The Disastrous Response Of Bernie Sanders On The TV Show ’60 Minutes ’

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(CNN) – Bernie Sanders, the clear favorite to win the Democratic presidential nomination, was asked over the weekend how much his various plans would cost if they were implemented. He did not know.

This is the exchange between Sanders and Anderson Cooper on the TV show “60 Minutes”:

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Cooper: Do you know how much? I mean, do you have a price for all this?

Sanders: We have it. I mean, you know, and … and … the price is, it will be substantially less than dispensing with the current system. I think it’s 30 billion dollars.

Cooper: Is that only for “Medicare for all”?

Sanders: That only for “Medicare for all,” yes.

Cooper: Does it have a cost for all these things?

Sanders: No, no. We try, no, you mentioned making public colleges and universities free and canceling all student debt, that’s right. That’s what I want to do. That would be paid by a modest tax on Wall Street speculation.

Cooper: But he says he doesn’t know the total price, but he knows how it will be paid. How do you know it will be paid if you don’t know how much it costs?

Sanders: Well, I can’t, you know, I can’t tell you every penny. But we have calculated, you talked about it, the “Medicare for all”. We have options that will pay for it.

What? So, Sanders not only a) is not sure how much all his proposals would cost, but also b) is unable to say how he would pay for these programs. That seems to me a potential weak point if Sanders ends up as a Democratic candidate facing President Donald Trump.

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Something to which the campaign of former Vice President Joe Biden reacted immediately. “For the second time in the last month, Senator Sanders has admitted that he doesn’t know the astronomical price that his new programs would impose on American families,” said Biden campaign deputy director Kate Bedingfield. “That is unsustainable.”

And in a memorandum from the Third Way Democratic centrist group sent the weekend in which they warn the party of the dangers of nominating Sanders, the authors Jonathan Cowan and Matt Bennett write:

“Experts estimate that Sanders’ main proposals would cost the staggering sum of $ 60 billion and double the size of the government (while their tax plans would fall 27 billion short). For something you are asked about the cost of your plans; Sanders refuses to answer, saying that he really has no idea and that ‘nobody has it.”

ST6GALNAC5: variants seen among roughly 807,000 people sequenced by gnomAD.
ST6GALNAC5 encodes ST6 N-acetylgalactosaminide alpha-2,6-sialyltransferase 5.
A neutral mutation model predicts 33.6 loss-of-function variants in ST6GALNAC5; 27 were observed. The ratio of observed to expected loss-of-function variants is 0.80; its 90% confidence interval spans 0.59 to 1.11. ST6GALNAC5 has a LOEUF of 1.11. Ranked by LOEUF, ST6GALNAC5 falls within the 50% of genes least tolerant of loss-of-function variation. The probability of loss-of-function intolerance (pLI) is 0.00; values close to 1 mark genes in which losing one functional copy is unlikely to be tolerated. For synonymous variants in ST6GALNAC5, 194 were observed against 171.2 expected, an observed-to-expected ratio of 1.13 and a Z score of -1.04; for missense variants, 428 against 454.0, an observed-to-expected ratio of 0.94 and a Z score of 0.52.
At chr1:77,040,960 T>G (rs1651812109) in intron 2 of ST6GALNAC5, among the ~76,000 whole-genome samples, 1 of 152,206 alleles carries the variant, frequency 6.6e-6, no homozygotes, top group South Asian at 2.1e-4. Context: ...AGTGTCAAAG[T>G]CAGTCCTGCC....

That $ 60 billion number comes from Ron Brownstein, of The Atlantic, a CNN contributor, who broke down the costs of Sanders’ proposals such as “Medicare for all,” the “New Green Deal” and free tuition at universities public and reached that impressive figure.

How big is that number? What Brownstein says puts the 60 billion dollars in spending proposals in a very clear context:

“The Vermont independent agenda is an unprecedented expansion in the cost and size of the government since World War II, according to estimates from its own website and projections from a wide variety of tax experts.

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“Sanders’ plan, although not all of its costs can be quantified precisely, would increase public spending in proportion to the size of the economy much more than President Franklin Roosevelt’s New Deal, the Lyndon Johnson Great Society or the agenda proposed by any Recent Democratic presidential candidate, including the liberal George McGovern in 1972, according to a historical analysis shared with CNN by Larry Summers, the former economic advisor to the White House of Barack Obama and Secretary of the Treasury of Bill Clinton. ”

Now keep in mind that there is no estimate of a credible budget service that indicates that the government could generate the type of revenue needed to pay for that increase in spending over the next decade. Sanders’ plan to increase taxes on the rich and corporations would close part of that gap, but a study by a researcher at the Manhattan Institute (a conservative expert group) cited by Brownstein suggests that the maximum income from tax increases from Sanders is 23 trillion dollars.

Sanders does not talk much about the price of what he is proposing or the very real probability that his tax plan is not enough to cover the spending gap he would create. Which makes sense, because, politically speaking, the idea of ​​raising taxes on what we generally consider the middle class is not very popular among, well, the middle class. (On the other hand, raising taxes on the rich or corporations leaves politically cold.)

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But Sanders once admitted the harsh reality of how his plans would be paid during a summer debate. This is the exchange between Sanders and Savannah Guthrie, of the NBC network (the bold ones are mine):

Guthrie: Will you raise taxes to the middle class in a Sanders government?

Sanders: People who receive medical care under “Medicare for all” will not have premiums, deductibles, co-payments or out-of-pocket costs. Yes, they will pay more in taxes, but less in medical care.

So, this is what we know so far about Sanders’ plans:

1) Not sure how much they will cost.

2) You are not entirely sure how you would pay them.

3) It is likely that they will be paid by increasing taxes to the middle class.

Wow, boy! Perhaps Sanders is right that the United States is ready for a fundamental change in how we value ourselves, our society and our money. But if you don’t have it, and this election ends up being like any other, in which people vote according to who will allow you to keep more money in your pocket, then Sanders (and the Democrats by extension) have a big problem.

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